A teenager uses a drone to spy on a Russian convoy and help the Ukrainian army

A Ukrainian teenager and his father spied on a Russian convoy on the outskirts of Kyiv using a small drone and relayed information to the Ukrainian military.

© Associated Press
Andriy Pokrasa, 15, and his mother fled to Poland as the fighting intensified. Peak AP

They took bird’s eye photos of the Russian tanks and trucks as they approached their village and identified the coordinates of the convoy, before sending the intelligence to the army.

In a few minutes, UkraineThe army hit the column with heavy shelling.

Russia warns against reacting to NATO build-up in Poland – Xinhua English.news.cn

Andriy Pokrasa, 15, and his father Stanislav, 41, were praised for their voluntary aerial reconnaissance work at the start of the invasion when Russian troops from the north tried unsuccessfully to seize the capital Kyiv.

© Associated Press
Stanislav Pokrasa said he saw more than 20 destroyed Russian military vehicles. Peak AP

The couple watched over the convoy for an entire week after the February 24 invasion.

“Those were some of the scariest times of my life,” the teenager said.

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“We provided the photos and the location to the armed forces. They specified the coordinates more precisely and transmitted them by walkie-talkie, in order to adjust the artillery.”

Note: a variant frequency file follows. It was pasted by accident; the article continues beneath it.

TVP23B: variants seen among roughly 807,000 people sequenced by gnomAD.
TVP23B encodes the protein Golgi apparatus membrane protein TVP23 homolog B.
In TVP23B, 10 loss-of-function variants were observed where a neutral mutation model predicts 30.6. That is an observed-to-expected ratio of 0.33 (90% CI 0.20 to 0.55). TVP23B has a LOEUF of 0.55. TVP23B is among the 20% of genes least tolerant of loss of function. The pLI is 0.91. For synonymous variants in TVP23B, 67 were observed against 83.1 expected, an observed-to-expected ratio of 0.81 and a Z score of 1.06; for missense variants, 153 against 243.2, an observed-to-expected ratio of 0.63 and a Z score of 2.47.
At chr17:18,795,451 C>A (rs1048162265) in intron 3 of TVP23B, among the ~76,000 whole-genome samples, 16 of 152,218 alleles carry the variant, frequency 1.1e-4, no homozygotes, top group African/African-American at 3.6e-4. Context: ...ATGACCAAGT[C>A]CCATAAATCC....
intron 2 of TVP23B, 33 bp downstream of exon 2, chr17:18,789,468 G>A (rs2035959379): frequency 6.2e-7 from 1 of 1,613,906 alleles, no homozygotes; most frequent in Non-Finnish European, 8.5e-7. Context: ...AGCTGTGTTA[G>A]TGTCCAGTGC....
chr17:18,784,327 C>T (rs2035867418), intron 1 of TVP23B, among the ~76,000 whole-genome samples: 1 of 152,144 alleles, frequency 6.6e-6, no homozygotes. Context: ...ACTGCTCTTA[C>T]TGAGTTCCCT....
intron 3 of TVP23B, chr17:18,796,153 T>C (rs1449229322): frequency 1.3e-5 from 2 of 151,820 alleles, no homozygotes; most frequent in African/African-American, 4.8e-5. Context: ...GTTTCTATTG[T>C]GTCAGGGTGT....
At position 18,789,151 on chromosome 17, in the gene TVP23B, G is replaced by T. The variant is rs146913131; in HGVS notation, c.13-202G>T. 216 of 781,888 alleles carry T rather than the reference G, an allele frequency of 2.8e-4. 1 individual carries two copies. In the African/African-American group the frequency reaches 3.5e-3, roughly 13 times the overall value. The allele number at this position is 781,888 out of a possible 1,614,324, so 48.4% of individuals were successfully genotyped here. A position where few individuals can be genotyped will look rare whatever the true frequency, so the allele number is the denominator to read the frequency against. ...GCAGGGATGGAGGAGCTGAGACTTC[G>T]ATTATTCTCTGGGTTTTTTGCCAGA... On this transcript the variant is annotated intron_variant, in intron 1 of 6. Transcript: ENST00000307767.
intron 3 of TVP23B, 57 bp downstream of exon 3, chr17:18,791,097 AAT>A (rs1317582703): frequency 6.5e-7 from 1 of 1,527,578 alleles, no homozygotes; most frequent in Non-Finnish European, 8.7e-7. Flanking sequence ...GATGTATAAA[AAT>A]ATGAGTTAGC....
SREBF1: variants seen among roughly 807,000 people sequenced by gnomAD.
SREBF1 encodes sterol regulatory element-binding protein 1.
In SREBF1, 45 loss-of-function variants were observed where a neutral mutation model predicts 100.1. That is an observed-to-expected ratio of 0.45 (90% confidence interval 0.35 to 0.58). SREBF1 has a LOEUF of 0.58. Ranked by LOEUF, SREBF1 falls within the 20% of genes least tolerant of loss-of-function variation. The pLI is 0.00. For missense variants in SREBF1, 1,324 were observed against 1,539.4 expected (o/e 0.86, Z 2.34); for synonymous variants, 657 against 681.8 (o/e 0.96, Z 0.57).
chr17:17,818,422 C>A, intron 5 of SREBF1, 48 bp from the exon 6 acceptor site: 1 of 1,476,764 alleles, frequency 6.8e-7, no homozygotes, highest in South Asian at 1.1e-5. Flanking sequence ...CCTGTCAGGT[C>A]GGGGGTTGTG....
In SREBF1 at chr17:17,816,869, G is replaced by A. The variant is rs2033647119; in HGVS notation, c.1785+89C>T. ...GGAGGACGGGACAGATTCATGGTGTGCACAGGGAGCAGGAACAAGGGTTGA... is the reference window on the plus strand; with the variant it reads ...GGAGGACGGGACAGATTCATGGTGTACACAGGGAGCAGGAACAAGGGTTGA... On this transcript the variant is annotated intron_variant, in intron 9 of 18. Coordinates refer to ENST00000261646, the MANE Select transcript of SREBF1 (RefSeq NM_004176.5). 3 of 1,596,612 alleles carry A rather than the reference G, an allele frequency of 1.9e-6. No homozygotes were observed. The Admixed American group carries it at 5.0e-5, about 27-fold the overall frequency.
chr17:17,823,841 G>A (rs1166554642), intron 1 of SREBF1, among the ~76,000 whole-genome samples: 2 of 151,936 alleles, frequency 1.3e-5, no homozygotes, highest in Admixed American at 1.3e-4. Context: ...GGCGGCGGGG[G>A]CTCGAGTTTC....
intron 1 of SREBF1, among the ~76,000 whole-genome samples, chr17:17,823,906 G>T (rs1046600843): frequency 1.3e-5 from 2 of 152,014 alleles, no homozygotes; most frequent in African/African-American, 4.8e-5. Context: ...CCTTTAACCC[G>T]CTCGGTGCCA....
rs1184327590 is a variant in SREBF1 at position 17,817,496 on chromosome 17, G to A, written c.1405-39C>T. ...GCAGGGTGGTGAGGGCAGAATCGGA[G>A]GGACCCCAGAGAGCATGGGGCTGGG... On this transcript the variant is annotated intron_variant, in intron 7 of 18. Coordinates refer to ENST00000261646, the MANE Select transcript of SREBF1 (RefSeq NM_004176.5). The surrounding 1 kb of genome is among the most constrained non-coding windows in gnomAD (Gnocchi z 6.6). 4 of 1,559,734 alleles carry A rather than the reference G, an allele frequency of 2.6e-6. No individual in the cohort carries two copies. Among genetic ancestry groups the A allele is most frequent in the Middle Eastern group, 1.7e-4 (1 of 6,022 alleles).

His father added that his son is a much better drone pilot.

“I can operate the drone, but my son does it much better,” he said.

“We immediately decided he would.”

Although they don’t know how many Russian targets were destroyed by their intelligence, they saw the devastation of the convoy when they then flew the drone over the area.

“More than 20 Russian military vehicles were destroyed, including tankers and tanks,” Pokrasa said.

However, as fighting intensified on the outskirts of Kyiv, the Ukrainian army urged the Pokrasa family to leave their village, which Russia eventually occupied.

As all adult men up to the age of 60 were ordered to stay in Ukraine, Mr Pokrasa was unable to join his wife and son when they fled to Poland.

They came back a few weeks ago when Andriy finished his school year.

“I was happy we destroyed someone,” the teenager said.

“I was happy to have contributed, to have been able to do something. Not just to sit and wait.”

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